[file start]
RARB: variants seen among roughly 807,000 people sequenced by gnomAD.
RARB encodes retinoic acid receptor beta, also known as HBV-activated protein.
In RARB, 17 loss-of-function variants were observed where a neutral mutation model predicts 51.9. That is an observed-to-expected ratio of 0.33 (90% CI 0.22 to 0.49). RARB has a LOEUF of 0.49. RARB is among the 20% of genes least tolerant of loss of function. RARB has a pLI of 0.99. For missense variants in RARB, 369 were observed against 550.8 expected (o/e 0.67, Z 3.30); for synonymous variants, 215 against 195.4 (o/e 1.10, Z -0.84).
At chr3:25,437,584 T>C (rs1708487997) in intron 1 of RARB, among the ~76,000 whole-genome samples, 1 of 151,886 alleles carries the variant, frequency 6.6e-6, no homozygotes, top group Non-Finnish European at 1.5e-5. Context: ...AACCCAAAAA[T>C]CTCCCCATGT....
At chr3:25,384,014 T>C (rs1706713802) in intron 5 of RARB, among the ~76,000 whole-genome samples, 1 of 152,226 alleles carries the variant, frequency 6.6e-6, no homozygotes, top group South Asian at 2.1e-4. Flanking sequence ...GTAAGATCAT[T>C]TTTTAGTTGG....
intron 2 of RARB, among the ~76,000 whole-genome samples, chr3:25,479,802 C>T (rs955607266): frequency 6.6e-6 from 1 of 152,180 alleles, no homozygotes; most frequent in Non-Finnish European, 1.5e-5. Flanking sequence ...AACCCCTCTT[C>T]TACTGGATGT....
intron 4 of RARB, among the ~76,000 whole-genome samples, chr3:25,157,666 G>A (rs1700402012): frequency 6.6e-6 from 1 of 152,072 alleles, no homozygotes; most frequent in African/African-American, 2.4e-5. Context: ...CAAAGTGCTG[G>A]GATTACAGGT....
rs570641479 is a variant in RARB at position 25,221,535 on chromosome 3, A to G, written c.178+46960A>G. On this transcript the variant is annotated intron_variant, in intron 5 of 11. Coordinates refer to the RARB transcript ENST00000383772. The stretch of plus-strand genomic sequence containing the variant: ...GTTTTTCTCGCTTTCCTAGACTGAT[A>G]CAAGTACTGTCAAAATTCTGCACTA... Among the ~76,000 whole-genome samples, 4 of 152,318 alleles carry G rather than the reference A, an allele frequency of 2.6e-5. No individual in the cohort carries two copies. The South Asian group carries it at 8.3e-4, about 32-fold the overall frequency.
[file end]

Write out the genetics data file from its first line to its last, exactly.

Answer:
RARB: variants seen among roughly 807,000 people sequenced by gnomAD.
RARB encodes retinoic acid receptor beta, also known as HBV-activated protein.
In RARB, 17 loss-of-function variants were observed where a neutral mutation model predicts 51.9. That is an observed-to-expected ratio of 0.33 (90% CI 0.22 to 0.49). RARB has a LOEUF of 0.49. RARB is among the 20% of genes least tolerant of loss of function. RARB has a pLI of 0.99. For missense variants in RARB, 369 were observed against 550.8 expected (o/e 0.67, Z 3.30); for synonymous variants, 215 against 195.4 (o/e 1.10, Z -0.84).
At chr3:25,437,584 T>C (rs1708487997) in intron 1 of RARB, among the ~76,000 whole-genome samples, 1 of 151,886 alleles carries the variant, frequency 6.6e-6, no homozygotes, top group Non-Finnish European at 1.5e-5. Context: ...AACCCAAAAA[T>C]CTCCCCATGT....
At chr3:25,384,014 T>C (rs1706713802) in intron 5 of RARB, among the ~76,000 whole-genome samples, 1 of 152,226 alleles carries the variant, frequency 6.6e-6, no homozygotes, top group South Asian at 2.1e-4. Flanking sequence ...GTAAGATCAT[T>C]TTTTAGTTGG....
intron 2 of RARB, among the ~76,000 whole-genome samples, chr3:25,479,802 C>T (rs955607266): frequency 6.6e-6 from 1 of 152,180 alleles, no homozygotes; most frequent in Non-Finnish European, 1.5e-5. Flanking sequence ...AACCCCTCTT[C>T]TACTGGATGT....
intron 4 of RARB, among the ~76,000 whole-genome samples, chr3:25,157,666 G>A (rs1700402012): frequency 6.6e-6 from 1 of 152,072 alleles, no homozygotes; most frequent in African/African-American, 2.4e-5. Context: ...CAAAGTGCTG[G>A]GATTACAGGT....
rs570641479 is a variant in RARB at position 25,221,535 on chromosome 3, A to G, written c.178+46960A>G. On this transcript the variant is annotated intron_variant, in intron 5 of 11. Coordinates refer to the RARB transcript ENST00000383772. The stretch of plus-strand genomic sequence containing the variant: ...GTTTTTCTCGCTTTCCTAGACTGAT[A>G]CAAGTACTGTCAAAATTCTGCACTA... Among the ~76,000 whole-genome samples, 4 of 152,318 alleles carry G rather than the reference A, an allele frequency of 2.6e-5. No individual in the cohort carries two copies. The South Asian group carries it at 8.3e-4, about 32-fold the overall frequency.